The mystery and metaphysics of capital

Presentation at the 2020 International Social Ontology Conference to be held online. July 13–16, 2020, University of Neuchâtel, Switzerland.

More than a decade ago, the world-renowned Peruvian economist Hernando de Soto reflected in a little noted paper on the philosophical underpinnings of his book ‘The mystery of capital’. An economist working to alleviate poverty for millions of people explicitly recognized the importance of metaphysics for the work he has been doing. Social ontology often claims to benefit the social sciences, and here is a case of a social scientist making that same claim. This paper sets out to develop some of his insights in a more systematic way.

His proposals are analysed from within the powers- or dispositions-based account of institutions that I have introduced elsewhere. A powers-based metaphysics can explain the often invisible nature and mode of existence of institutions as never fully reducible to their possible manifestations, while giving a fully realist account of institutional reality.

The importance de Soto attaches to asset titling is compared to the role played by Searle’s ‘status indicators’. Both play an epistemic as well as a constitutive role. After this first step, these assets can then be further used in a process of iteration as proposed by Searle, thereby enabling the kind of economic development de Soto advocates. Metaphysically, it is a case of a cue manifestation of a previously really existing but heretofore invisible economic power which is taken up in a series of iterated dispositions.

In order to develop the metaphysics of capital, this dispositionalist account of institutions is extended with two borrowed concepts. The first concept is that of Gibsonian affordances, borrowed from ecological psychology. Capital affords value as a mutual manifestation of reciprocal disposition partners. This enables us to account for the specificity and relativity of capital, as well as for the undefinable and irreducible nature of value or goodness. Capital affords value in a relatively more durable way than consumer goods or services.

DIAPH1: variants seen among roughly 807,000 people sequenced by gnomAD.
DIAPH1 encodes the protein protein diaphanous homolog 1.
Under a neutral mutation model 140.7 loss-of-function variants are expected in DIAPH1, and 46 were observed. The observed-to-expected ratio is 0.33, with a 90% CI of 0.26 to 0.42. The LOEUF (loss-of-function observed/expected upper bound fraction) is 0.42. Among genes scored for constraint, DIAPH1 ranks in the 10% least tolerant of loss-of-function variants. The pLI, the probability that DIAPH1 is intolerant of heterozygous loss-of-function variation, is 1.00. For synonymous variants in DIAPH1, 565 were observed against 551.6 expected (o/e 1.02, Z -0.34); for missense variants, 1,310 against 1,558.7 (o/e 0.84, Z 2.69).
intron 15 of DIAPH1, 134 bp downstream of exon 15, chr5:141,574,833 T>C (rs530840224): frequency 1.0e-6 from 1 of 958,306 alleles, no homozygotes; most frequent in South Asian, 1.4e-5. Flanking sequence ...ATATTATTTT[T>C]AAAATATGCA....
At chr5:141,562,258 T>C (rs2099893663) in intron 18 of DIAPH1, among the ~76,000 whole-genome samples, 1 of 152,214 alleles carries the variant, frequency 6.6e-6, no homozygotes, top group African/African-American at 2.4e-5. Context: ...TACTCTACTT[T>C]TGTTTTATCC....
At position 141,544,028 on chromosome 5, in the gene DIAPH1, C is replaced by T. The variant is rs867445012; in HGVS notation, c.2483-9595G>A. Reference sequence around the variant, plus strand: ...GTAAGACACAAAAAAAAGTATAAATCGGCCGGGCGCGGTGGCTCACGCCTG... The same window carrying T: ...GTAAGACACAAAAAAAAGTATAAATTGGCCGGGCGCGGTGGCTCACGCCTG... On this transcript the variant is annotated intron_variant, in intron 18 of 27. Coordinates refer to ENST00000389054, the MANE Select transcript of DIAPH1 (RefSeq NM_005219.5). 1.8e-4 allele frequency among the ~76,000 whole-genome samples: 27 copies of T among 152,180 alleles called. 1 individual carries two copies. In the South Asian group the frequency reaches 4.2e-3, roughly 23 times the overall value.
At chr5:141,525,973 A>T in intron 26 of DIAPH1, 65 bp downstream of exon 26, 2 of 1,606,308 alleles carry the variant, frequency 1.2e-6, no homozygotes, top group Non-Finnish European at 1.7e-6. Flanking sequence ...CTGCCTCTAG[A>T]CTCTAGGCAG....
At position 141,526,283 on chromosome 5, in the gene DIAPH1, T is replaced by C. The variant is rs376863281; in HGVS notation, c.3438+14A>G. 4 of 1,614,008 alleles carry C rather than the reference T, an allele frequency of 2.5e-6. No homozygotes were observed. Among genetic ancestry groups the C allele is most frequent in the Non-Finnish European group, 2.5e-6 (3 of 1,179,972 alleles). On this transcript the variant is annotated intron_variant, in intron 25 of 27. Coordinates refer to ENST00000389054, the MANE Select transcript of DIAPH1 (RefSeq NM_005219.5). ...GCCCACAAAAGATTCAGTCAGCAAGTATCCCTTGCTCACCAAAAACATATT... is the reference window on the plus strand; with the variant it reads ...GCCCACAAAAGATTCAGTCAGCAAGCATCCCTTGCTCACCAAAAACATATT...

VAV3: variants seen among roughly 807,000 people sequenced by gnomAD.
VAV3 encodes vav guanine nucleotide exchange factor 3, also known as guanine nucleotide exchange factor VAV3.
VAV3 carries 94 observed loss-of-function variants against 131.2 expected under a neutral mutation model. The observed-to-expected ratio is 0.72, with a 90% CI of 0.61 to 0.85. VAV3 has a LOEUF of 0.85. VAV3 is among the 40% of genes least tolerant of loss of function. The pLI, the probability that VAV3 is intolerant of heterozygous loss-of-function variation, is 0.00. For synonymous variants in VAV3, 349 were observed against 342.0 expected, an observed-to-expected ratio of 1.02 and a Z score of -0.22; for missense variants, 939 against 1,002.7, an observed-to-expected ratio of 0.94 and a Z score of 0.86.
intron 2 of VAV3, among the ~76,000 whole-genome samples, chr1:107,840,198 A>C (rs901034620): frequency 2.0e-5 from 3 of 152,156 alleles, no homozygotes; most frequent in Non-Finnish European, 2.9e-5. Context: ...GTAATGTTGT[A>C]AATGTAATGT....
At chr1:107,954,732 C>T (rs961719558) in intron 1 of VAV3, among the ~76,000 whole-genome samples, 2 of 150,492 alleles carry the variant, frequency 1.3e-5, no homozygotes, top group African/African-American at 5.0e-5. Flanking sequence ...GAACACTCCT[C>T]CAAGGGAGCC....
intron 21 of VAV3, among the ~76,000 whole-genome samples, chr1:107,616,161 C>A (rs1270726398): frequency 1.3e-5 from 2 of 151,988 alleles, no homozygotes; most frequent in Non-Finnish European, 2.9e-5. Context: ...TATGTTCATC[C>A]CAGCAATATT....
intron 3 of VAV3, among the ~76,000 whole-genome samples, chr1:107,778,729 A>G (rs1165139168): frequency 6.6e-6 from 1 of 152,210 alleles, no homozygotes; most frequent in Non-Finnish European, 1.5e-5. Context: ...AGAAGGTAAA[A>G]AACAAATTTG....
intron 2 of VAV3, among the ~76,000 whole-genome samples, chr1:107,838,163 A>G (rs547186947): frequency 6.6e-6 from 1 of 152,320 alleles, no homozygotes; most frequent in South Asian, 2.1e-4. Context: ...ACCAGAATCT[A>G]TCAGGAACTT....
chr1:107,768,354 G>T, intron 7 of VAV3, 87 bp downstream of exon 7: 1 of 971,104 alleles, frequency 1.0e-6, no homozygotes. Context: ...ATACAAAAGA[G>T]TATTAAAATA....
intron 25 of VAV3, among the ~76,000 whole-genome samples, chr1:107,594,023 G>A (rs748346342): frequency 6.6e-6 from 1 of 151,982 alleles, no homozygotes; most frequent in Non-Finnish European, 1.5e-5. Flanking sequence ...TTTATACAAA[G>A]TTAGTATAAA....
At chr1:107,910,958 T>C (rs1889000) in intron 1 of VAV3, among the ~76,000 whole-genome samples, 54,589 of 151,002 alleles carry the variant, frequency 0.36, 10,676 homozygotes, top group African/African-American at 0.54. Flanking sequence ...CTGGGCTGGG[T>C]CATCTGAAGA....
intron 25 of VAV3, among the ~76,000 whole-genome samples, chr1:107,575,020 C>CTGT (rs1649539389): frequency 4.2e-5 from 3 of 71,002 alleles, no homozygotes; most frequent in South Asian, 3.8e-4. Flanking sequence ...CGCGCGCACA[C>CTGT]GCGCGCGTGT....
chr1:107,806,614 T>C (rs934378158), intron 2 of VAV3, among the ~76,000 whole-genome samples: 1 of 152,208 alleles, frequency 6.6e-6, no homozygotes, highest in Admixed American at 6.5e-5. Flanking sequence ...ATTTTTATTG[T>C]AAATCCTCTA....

The second concept is that of a fitness peak, borrowed from evolutionary biology and here transmogrified into a value-peak. It serves to conceptualize and visualize the pre-existing nature of value, while recognizing the needed process of capital-formation to manifest it. Although every single voluntary action or economic exchange can be understood as a value peak relative to alternative courses of action, large corporations or entire industries can also be conceptualized as value peaks that can be mined to unearth their economic or value-potential.

In a final step, this framework is connected to the classical metaphysical transcendentals. Although value or goodness can be made manifest to some extent in an economic infrastructure, goodness as such transcends the logic of economic structures in acts of charity and altruism more generally and would be harmed by that economic logic. At the same time, these acts can be understood within the same metaphysical framework. Similarly, truth and justice can become institutionalized in the academy and the court system and clearly benefit the economy, but would be harmed if subjugated to an economic logic as in cases of bribery or diploma mills.

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